There are few foods that are more comforting than a warm, hearty bowl of sweet potatoes. Like pumpkin, they’re an abundant source of antioxidant and anti-inflammatory beta-carotene. You’re exposed to many factors that increase oxidative stress from the environment. Beta-carotene helps reduce free radical damage that can harm your health.

Sweet potatoes are also an excellent source of fiber and potassium, which can help reduce blood pressure and lower cholesterol. Although white potatoes are also an excellent source of potassium, you won’t get beta-carotene when you bite into a white potato.

How to Enjoy Sweet Potatoes

You can serve them baked, roasted, mashed, and even sauteed. If you make potato salad, use sweet potatoes instead. Try baking one, cutting it in half, and adding your favorite veggies and toppings.


Apples are a classic fall staple. They’re available year-round, but they’re usually at their peak in the fall when apple orchards are overflowing with sweet, juicy fruit. You might have memories of eating a crunchy apple after school, but that’s a tradition you should continue! Along with their natural sweetness, they pack lots of nutrients.

Apples contain quercetin, a plant compound with antioxidant properties shown to reduce inflammation in the body. . That’s not the only antioxidant in apples. That bright red apple you bite into also contains anthocyanins, plant pigments that give them their color, and may help lower cholesterol and prevent heart disease.

If you’re like most people, you don’t get enough fiber in your diet. Research shows the average person gets about half the amount of fiber they need for good health. (38 grams daily for men and 25 grams per day for women). Apples are rich in soluble fiber, the type of fiber linked with a lower risk of cardiovascular disease and better blood sugar control. One type of fiber in apples is called pectin, a soluble fiber that reduces cholesterol levels. And they’re simply delicious!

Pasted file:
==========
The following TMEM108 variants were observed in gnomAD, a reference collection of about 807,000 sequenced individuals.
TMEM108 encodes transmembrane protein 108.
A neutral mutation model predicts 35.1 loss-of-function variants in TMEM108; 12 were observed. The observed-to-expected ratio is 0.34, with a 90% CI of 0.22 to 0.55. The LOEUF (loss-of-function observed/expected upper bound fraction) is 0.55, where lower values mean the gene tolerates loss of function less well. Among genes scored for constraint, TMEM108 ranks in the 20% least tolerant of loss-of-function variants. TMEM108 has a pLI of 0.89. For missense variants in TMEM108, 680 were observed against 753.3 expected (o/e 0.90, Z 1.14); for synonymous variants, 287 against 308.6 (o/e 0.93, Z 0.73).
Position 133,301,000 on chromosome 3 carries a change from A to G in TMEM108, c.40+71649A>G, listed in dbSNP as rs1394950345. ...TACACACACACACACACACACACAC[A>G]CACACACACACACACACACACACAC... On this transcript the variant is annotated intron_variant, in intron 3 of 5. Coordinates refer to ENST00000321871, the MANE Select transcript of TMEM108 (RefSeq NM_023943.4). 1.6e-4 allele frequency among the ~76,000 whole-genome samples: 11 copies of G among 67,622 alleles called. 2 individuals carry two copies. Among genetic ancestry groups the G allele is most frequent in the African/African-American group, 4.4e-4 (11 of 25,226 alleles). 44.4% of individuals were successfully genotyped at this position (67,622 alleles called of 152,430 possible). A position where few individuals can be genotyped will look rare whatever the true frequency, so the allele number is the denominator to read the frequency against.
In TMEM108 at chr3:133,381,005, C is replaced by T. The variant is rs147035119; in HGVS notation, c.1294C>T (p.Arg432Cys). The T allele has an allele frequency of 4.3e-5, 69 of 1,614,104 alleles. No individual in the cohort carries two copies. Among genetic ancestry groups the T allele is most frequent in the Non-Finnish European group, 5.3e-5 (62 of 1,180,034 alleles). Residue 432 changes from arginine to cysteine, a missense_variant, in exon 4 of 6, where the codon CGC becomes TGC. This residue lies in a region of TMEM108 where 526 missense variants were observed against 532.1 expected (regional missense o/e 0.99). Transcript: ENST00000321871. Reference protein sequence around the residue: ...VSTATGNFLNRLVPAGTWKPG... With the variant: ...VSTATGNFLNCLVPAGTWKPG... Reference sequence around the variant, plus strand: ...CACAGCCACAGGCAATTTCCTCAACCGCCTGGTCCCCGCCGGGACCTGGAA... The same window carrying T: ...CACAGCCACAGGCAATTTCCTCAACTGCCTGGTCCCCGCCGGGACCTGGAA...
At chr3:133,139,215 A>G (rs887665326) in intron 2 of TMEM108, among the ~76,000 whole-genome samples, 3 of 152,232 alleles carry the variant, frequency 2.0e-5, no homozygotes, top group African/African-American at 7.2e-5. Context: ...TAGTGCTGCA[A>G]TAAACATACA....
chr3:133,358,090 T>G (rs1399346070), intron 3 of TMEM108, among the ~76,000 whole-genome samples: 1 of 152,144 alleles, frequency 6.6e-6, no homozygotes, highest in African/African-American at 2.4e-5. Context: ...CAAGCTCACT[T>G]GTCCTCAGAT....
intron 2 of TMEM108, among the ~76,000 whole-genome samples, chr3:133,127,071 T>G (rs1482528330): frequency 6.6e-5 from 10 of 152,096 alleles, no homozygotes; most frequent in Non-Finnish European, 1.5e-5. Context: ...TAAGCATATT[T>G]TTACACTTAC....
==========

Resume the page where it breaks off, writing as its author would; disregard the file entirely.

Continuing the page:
How to Enjoy Apples:

You can enjoy one of the hundreds of varieties of apples, just as it is or turn it into applesauce. Dice apples into small chunks and add them to salads and wraps, or make a Waldorf salad. Spread peanut butter or almond butter on an apple for a healthy and balanced snack that contains vitamins, minerals, fiber, protein, and antioxidants. Skip the apple juice. Eating a whole apple is friendlier to your blood sugar.


If you walk by a pecan tree in the fall, you’ll the nuts on the ground. That’s why pecans are so popular in the fall. Although pecan pie might not be the healthiest autumn dish, it’s the sugar that’s problematic. Pecan nuts are rich in antioxidants. They’re also high in monounsaturated fat (the type of fat that helps lower bad cholesterol levels and raise good cholesterol levels), and low in saturated and trans fats. People who consume more monounsaturated fat tend to have a lower risk of heart disease.

How to Enjoy Pecans:

You can enjoy pecans raw or roasted, but they’re best when you eat them in the fall — that’s when they’re at their sweetest. Add them to salad, baked goods, or oatmeal for a delicious and nutritious treat.

The Bottom Line

Enjoy these healthy fall foods! They’re as healthful as they are delicious.